A cyberattack in April on a shared data network forced four U.S. natural-gas pipeline operators to temporarily shut down computer communications with customers. It was one of the latest displays of the vulnerability of America’s power grid and energy industry to criminal hackers and rogue states.

Probably the loudest international wake-up call came in 2015, with Russia testing its cyberattacking capabilities on the Ukrainian capital of Kiev. Using new cyberweapons, such as CrashOverride and BlackEnergy 3, Russian hackers were able to disrupt the electric power grid and black out the homes and businesses of 225,000 people in the Ukraine.

U.S. federal agencies earlier this year issued a report blaming Russian government-supported hackers for targeting U.S. energy and other industries in a new wave of attacks launched since 2016.

Last year, Federal Bureau of Investigation and Department of Homeland Security officials reported that Russian hackers were behind cyberintrusions into the U.S. energy power grid. The intrusion further demonstrated the threat hackers pose to the nation’s critical industries — energy, finance, health care, manufacturing and transportation.

There is a wide range of motivations behind these cyberattacks. Holding companies hostage with ransomware and the opportunities for outright theft are profitable endeavors for criminal hackers and their state sponsors.

The attack on natural-gas pipeline operators may have been in retaliation for the expulsion of 60 Russians from the U.S., an effort to intimidate and reveal U.S. vulnerabilities or a means to gather competitive information.

The House Committee on Science, Space and Technology released a staff report in April concluding Russian-backed cyberattacks were efforts to influence American energy markets and energy policy in response to the increased exports of U.S. liquefied natural gas, which challenges Russian dominance in European markets.

Increasingly, cyberattacks are becoming so effective that an office within the U.S. Department of Energy is being established to shore up cybersecurity for such critical facilities as nuclear power plants, refineries and pipelines.

But companies big and small cannot wait for “the government” to save them from these attacks. Understanding the attacks, identifying company vulnerabilities and maintaining vigilance to defend against new threats are critical steps companies must take.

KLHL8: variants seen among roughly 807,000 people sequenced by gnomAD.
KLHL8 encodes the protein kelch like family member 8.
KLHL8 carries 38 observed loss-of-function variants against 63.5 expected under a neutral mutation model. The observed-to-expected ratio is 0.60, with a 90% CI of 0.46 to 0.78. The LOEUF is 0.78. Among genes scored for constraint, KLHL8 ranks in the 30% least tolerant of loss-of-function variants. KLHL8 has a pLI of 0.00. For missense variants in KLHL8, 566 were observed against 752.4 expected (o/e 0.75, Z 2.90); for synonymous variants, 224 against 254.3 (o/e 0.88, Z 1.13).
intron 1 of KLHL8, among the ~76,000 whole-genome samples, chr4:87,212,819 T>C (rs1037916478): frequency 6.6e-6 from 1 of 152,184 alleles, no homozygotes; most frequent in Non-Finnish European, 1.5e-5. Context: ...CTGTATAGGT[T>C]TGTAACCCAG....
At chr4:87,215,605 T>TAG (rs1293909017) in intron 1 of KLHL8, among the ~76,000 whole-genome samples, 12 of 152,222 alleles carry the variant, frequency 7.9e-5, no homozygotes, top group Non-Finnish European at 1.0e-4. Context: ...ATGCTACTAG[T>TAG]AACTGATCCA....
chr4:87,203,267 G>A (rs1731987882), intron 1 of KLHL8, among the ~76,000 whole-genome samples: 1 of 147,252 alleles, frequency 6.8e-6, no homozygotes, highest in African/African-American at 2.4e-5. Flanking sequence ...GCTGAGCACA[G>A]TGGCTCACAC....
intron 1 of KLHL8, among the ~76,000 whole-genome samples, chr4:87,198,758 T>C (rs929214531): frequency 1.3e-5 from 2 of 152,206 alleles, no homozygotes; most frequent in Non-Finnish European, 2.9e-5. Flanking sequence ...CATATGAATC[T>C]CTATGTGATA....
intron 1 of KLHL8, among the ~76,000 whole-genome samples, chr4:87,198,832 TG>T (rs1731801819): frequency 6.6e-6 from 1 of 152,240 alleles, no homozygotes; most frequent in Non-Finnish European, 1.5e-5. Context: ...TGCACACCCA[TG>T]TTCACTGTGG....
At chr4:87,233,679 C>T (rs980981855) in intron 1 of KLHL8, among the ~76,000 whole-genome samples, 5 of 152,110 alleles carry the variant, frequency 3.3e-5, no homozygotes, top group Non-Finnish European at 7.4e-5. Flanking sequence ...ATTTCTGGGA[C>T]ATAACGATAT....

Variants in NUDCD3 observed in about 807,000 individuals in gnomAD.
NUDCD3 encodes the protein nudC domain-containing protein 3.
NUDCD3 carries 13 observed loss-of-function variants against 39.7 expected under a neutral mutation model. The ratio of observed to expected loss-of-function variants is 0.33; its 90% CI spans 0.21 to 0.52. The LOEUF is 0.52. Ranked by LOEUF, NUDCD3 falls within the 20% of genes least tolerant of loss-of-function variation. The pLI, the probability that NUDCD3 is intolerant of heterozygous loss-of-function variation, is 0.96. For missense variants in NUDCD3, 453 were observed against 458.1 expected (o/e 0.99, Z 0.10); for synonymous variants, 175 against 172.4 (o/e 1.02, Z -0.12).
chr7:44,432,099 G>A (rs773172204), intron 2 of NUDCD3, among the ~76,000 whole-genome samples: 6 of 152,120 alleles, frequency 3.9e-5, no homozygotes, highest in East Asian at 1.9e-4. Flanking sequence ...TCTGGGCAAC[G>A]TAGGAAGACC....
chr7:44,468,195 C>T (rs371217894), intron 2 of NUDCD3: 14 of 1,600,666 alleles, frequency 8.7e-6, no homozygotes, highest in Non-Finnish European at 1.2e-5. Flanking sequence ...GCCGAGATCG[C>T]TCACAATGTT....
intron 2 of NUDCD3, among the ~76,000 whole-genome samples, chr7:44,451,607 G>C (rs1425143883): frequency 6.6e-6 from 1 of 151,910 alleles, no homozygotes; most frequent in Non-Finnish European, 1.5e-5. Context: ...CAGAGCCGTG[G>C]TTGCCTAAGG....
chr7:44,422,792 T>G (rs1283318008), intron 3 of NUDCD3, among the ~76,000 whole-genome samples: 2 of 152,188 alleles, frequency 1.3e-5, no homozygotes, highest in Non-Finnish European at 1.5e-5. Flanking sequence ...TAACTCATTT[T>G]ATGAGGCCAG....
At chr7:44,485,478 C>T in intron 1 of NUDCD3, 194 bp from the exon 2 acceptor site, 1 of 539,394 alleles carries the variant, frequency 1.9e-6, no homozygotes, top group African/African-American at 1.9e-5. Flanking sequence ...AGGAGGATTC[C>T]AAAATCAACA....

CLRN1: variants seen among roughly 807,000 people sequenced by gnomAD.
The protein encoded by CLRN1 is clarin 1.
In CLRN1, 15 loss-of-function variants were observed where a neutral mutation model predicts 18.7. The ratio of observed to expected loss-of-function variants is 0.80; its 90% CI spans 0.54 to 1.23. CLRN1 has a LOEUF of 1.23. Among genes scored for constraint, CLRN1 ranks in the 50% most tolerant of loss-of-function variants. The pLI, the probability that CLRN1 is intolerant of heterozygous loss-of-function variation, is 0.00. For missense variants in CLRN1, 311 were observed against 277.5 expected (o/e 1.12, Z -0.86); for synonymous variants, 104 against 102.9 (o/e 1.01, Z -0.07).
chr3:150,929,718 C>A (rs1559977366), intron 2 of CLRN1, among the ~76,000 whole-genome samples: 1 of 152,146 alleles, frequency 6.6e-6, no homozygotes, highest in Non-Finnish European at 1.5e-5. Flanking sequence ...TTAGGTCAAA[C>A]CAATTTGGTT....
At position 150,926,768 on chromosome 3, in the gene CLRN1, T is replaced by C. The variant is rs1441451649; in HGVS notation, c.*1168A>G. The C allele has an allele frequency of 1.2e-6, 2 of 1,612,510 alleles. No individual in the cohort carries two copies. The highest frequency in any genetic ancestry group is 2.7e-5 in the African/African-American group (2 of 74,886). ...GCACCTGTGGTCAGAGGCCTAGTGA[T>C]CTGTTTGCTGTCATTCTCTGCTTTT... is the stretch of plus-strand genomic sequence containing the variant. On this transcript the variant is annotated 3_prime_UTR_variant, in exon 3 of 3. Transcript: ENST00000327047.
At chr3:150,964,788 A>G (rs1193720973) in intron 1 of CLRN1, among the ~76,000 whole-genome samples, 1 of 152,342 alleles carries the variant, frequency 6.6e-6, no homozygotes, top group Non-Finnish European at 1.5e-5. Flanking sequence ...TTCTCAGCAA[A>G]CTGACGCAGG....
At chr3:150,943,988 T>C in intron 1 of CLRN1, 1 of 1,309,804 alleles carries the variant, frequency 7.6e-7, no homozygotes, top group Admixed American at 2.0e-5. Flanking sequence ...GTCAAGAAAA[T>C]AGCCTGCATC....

No doubt, increasing cyberattacks are intended to gain access and test responses. Hackers and their state sponsors are playing a long-game — setting up strategies that include extortion, the shutdown of systems, explosions, spills, and fires that result in the loss of human life and property, and degradation of the environment.

Nearly 2.5 million miles of oil, gas and chemical pipelines crisscross the U.S. Many hundreds of miles are in Kern County, alone.

Hackers are using a big bag of tricks to gain entry into the U.S. energy system. Most common, they fall into two categories: “spear phishing,” where customized emails trick recipients into opening malware that is embedded into a system, and “water-hole attacks,” where familiar and trusted websites are infiltrated or cloned to include malicious code.

And while hackers’ main targets are large energy companies and facilities, the strategy is to start small. By targeting vendors, service companies, suppliers, trade publications and industry websites, hackers can worm their way into the main targets. Often, smaller companies along the “supply chain” are not as focused on cybersecurity as are the larger companies.

It is important that any company doing business in today’s energy industry must be vigilant, regardless of its size.

Some steps that can be taken:

Form industry coalitions. Work together to share threat information.

Constantly audit company security measures. Identify intrusions and attempted intrusions. Insure that company security measures are updated and enforced.

Train and retrain staff to identify and combat evolving threats.

Limit regular user computer access. Develop a need-to-know and use system.

Require complex passwords for all users and require passwords to be regularly changed.

Adopt multifactor authentication to prevent stolen logins and passwords from being used.

Dedicate staff to cybersecurity or hire competent, trusted cybersecurity consultants.

Alphonso Rivera is the founder and CEO of Advanced Micro Resource Digital Forensics, a Bakersfield-based company that specializes in digital audits involving cell phone and computer evidence for attorneys, private investigators, human resources consultants and companies.

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